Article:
Texting app banned by BlackBerry returns on own terms

Text messaging service Kik finds a way to bring its app to BlackBerry phones despite an ongoing legal battle with Research In Motion.

Kik screenshot
Kik developers built a workaround to get its app onto BlackBerry smartphones. (Click to enlarge.) Kik

Even the lawyers can't stop technology.

When a startup called Kik launched a mobile messaging app a year ago, the growth was explosive. More than 2 million people downloaded it in its first few weeks, turning Kik into a viral sensation on both the iPhone and BlackBerry smartphones.

Then the trouble began. First, BlackBerry maker Research In Motion pulled the Kik app from its app store. Then it filed suit against Kik Interactive in federal court in Canada, claiming misuse of trademarks and patent infringements. RIM makes the popular BlackBerry Messenger service, called BBM.

But while the legal process has continued on, so too have Kik's software engineers.

Today, Kik is launching a workaround to let BlackBerry customers-- once the service is restored --again use Kik, which is both super speedy and lets a user see if the person on the other end has read the message. Kik's team built a workaround app using Java Mobile Application, and it will be available through Kik.com.

"This thing has been a long time coming," says Kik founder and CEO Ted Livingston, who is 24 years old and used to work for RIM before he went out on his own. "And it doesn't require any of their tools, their API, and it doesn't need their consent."

RIM didn't respond to a request for comment.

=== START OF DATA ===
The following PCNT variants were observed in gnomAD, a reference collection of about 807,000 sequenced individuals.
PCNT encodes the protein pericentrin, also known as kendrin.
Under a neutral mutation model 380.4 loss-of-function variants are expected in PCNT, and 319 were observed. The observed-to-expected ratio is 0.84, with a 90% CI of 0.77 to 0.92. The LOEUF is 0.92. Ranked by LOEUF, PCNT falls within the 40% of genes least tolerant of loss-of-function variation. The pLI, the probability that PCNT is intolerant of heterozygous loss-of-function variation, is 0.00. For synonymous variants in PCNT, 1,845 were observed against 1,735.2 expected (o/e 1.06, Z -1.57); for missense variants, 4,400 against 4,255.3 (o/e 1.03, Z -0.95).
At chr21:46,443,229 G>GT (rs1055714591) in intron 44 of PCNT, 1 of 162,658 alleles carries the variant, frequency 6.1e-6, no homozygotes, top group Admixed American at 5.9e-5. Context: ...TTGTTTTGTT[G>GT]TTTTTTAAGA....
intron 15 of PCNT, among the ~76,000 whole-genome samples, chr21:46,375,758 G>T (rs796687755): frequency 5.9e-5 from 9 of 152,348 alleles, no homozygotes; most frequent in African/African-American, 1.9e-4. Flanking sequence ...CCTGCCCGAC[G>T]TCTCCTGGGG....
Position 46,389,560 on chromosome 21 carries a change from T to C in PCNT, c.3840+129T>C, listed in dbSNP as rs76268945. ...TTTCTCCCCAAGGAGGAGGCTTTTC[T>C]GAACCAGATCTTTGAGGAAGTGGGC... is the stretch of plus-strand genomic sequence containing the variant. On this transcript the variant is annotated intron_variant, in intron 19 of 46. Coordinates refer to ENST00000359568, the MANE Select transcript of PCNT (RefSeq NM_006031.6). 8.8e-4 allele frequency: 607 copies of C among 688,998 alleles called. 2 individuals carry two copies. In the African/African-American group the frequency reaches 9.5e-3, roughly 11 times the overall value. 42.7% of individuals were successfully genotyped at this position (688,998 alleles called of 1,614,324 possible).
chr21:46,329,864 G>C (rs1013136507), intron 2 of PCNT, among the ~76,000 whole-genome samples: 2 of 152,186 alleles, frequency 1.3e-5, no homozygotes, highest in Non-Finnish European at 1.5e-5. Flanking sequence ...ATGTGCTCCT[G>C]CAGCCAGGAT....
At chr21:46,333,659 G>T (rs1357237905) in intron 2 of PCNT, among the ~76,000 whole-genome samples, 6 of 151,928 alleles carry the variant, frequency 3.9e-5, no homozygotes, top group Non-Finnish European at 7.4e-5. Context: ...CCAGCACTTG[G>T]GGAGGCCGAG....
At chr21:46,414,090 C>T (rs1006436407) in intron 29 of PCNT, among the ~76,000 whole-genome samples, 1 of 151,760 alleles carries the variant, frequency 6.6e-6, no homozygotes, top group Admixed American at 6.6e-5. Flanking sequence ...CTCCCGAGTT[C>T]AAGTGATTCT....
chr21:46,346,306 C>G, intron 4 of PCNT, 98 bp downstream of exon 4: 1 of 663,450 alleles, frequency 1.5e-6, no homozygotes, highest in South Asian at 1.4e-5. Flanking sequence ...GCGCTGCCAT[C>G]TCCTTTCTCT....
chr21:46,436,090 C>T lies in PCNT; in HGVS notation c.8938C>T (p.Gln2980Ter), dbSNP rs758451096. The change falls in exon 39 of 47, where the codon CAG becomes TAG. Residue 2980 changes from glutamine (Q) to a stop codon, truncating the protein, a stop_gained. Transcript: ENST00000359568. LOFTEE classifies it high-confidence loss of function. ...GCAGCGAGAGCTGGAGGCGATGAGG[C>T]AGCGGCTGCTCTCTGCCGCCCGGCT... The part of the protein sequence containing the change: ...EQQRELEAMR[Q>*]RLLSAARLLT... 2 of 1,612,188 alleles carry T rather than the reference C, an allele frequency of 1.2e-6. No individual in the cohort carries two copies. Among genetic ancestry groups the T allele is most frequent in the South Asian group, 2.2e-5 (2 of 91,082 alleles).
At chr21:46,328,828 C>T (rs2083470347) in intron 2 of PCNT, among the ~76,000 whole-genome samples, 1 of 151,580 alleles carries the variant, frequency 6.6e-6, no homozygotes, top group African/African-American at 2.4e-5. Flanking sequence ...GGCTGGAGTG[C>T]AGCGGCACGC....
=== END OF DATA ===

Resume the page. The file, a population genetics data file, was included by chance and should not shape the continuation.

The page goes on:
A lot has happened in the 11 months since RIM went after Kik, which, like RIM, is based in Waterloo, Ontario. Last spring, Kik raised $8 million from Union Square Ventures. Apple unveiled a product called iMessage , which is similar to BBM but will only work on Apple devices (a limitation that Kik and competitors, such as WhatsApp Messenger and Pinger stress). And RIM's BlackBerry has continued to lose market share to the iPhone and Android-based phones.

While sales of overall smartphone sales grew 74 percent in the second quarter of this year, according to research firm Gartner, RIM's share fell to 12 percent from 19 percent a year earlier.

Which begs the following question for Livingston: why bother?

After all, while getting knocked from BlackBerry's app world brought Kik's impressive growth to a near halt, the start-up has since regained traction by expanding to Android and other phones. The company has plenty of cash to work with and Livingston says Kik now delivers about 300 million messages a month from more than 5 million registered users.

"We're very proud of the version we built for BlackBerry, but we didn't do it because it was a key strategic thing," says Livingston. "We just wanted to care for our BlackBerry customers."

And perhaps use a little code to stick it to the opposing legal team.

Correction at 9:52 a.m. PT: This story was initially published with an incorrect figure for Kik's messaging volume. It delivers about 300 million message per month.

About the author

Paul Sloan is editor in chief of CNET News. Before joining CNET, he had been a San Francisco-based correspondent for Fortune magazine, an editor at large for Business 2.0 magazine, and a senior producer for CNN. When his fingers aren't on a keyboard, they're usually on a guitar. Email him here.

 

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